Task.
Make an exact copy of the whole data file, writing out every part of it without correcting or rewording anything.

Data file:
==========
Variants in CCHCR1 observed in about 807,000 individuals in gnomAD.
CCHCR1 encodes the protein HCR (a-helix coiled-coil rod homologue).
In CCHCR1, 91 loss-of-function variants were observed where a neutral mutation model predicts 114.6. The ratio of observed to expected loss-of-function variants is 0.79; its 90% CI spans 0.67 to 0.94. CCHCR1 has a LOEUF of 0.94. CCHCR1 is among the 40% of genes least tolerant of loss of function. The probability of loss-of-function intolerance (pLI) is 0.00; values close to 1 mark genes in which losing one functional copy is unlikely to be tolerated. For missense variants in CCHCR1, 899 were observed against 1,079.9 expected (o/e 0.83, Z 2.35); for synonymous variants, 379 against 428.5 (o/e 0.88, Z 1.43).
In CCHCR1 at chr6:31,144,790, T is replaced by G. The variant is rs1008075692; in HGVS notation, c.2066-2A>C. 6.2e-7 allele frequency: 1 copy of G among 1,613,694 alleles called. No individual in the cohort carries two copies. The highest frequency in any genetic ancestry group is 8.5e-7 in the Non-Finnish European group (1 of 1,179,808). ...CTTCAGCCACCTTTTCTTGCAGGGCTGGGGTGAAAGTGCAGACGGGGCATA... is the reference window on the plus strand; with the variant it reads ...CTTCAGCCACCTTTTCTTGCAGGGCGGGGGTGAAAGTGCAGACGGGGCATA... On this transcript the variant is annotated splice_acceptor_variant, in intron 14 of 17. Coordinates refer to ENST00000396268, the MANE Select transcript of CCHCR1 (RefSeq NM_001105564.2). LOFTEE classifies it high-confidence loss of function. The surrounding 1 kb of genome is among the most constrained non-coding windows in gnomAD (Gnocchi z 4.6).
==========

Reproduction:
Variants in CCHCR1 observed in about 807,000 individuals in gnomAD.
CCHCR1 encodes the protein HCR (a-helix coiled-coil rod homologue).
In CCHCR1, 91 loss-of-function variants were observed where a neutral mutation model predicts 114.6. The ratio of observed to expected loss-of-function variants is 0.79; its 90% CI spans 0.67 to 0.94. CCHCR1 has a LOEUF of 0.94. CCHCR1 is among the 40% of genes least tolerant of loss of function. The probability of loss-of-function intolerance (pLI) is 0.00; values close to 1 mark genes in which losing one functional copy is unlikely to be tolerated. For missense variants in CCHCR1, 899 were observed against 1,079.9 expected (o/e 0.83, Z 2.35); for synonymous variants, 379 against 428.5 (o/e 0.88, Z 1.43).
In CCHCR1 at chr6:31,144,790, T is replaced by G. The variant is rs1008075692; in HGVS notation, c.2066-2A>C. 6.2e-7 allele frequency: 1 copy of G among 1,613,694 alleles called. No individual in the cohort carries two copies. The highest frequency in any genetic ancestry group is 8.5e-7 in the Non-Finnish European group (1 of 1,179,808). ...CTTCAGCCACCTTTTCTTGCAGGGCTGGGGTGAAAGTGCAGACGGGGCATA... is the reference window on the plus strand; with the variant it reads ...CTTCAGCCACCTTTTCTTGCAGGGCGGGGGTGAAAGTGCAGACGGGGCATA... On this transcript the variant is annotated splice_acceptor_variant, in intron 14 of 17. Coordinates refer to ENST00000396268, the MANE Select transcript of CCHCR1 (RefSeq NM_001105564.2). LOFTEE classifies it high-confidence loss of function. The surrounding 1 kb of genome is among the most constrained non-coding windows in gnomAD (Gnocchi z 4.6).